by Benjamin Leslie
When we talk about taking care of the earth, we often refer to our connection to the basic elements and to basic natural processes, including the seasons and the natural cycles of life and death. The ways that this connection often looks in our society are familiar to us: We strive to be ‘in touch’ with nature by way of spending more minutes outdoors, planting more trees, or composting the kitchen scraps. Or we may have a more wholesale approach, that involves giving up certain comforts, learning how to camp, or hiking the Appalachian Trail. We find value in these activities, but at times they don’t seem to do the trick. They leave us wondering how to connect more – how to recycle more or to spend more time camping in isolation. The ‘Survivor’ method of giving up our comforts can end up being quite aggressive, yet the contrary – racking up points for being ‘green’ – somehow doesn’t go far enough.
In the Buddhist tradition, taking care of the earth starts with ourselves – our own persons and bodies. The ways we handle our waste as a society and the ways we connect (or don’t) to the elements are a direct result of our very personal and intimate habitual patterns. And our habitual patterns are based on, what we call in the Buddhist tradition, ‘mind.’
Working with one’s mind is one of the most direct ways to take responsibility for caring for the earth. Our ideas about how to care for the earth may be grounded in good logic or good morals, but if we don’t work with them personally, they might become a hollow crusade. Consider the common example of committing to a special diet. Many become vegan or vegetarian due to legitimate environmental concerns. Yet often those who have attempted a special diet will express that success is based far more on working with everyday habitual patterns than on moral, ethical, or logical consideration of the environment.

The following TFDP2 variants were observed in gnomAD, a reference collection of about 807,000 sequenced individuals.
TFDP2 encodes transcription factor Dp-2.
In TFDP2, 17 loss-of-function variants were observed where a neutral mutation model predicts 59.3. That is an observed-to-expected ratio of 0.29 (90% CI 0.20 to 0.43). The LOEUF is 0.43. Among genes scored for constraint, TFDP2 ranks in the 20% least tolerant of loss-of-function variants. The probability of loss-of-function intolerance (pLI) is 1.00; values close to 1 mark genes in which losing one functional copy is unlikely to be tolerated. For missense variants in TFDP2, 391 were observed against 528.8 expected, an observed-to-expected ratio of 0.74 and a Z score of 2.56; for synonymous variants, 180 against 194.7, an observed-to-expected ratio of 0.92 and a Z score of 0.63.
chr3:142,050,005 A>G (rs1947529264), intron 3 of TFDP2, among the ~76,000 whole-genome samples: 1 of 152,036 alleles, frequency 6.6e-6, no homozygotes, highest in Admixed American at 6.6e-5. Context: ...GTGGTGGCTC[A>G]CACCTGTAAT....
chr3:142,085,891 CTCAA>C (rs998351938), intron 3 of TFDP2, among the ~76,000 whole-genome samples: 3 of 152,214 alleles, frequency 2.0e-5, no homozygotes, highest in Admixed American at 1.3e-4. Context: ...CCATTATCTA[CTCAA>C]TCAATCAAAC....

In Buddhism, the sitting practice of meditation is used to work with our minds. Rather than being a technique for contemplating a certain concept or improving one’s concentration, the unique approach of sitting meditation involves acknowledging our thoughts simply and precisely. The meditator identifies with the outbreath and has their eyes open so that gentleness and awareness are cultivated toward themselves and their situations. The gentleness that can develop from consistently and precisely touching-in with our thoughts without manipulation is often referred to as ‘making friends with oneself.’ Gradually, the practice, including that gentleness, is extended toward our everyday situations – our habitual patterns, our relationships, our households, and maybe even our compost piles.
Relating to our world with gentleness can be vulnerable. Courage is the result of our willingness to remain soft and gentle in the midst of this vulnerability. When we apply this type of courage and awareness to our situations directly, it becomes possible to see them more directly. There is no need to turn away from the intensity of challenging everyday situations, or hotspots. When our garden fails, we might not see it as a reflection of ourselves, but as fertile ground. When we decide to compost or raise chickens, we can commit to working directly with our habitual patterns in a gentler way. When we are confronted by the natural processes of life and death, of the seasons, and of the elements, we may recognize the opportunity to connect with that situation and through that gentleness, to care for the earth.
Benjamin Leslie is currently on staff at Center for Interfaith Cooperation as Program Director for the Immigrant and Refugee Service Corps.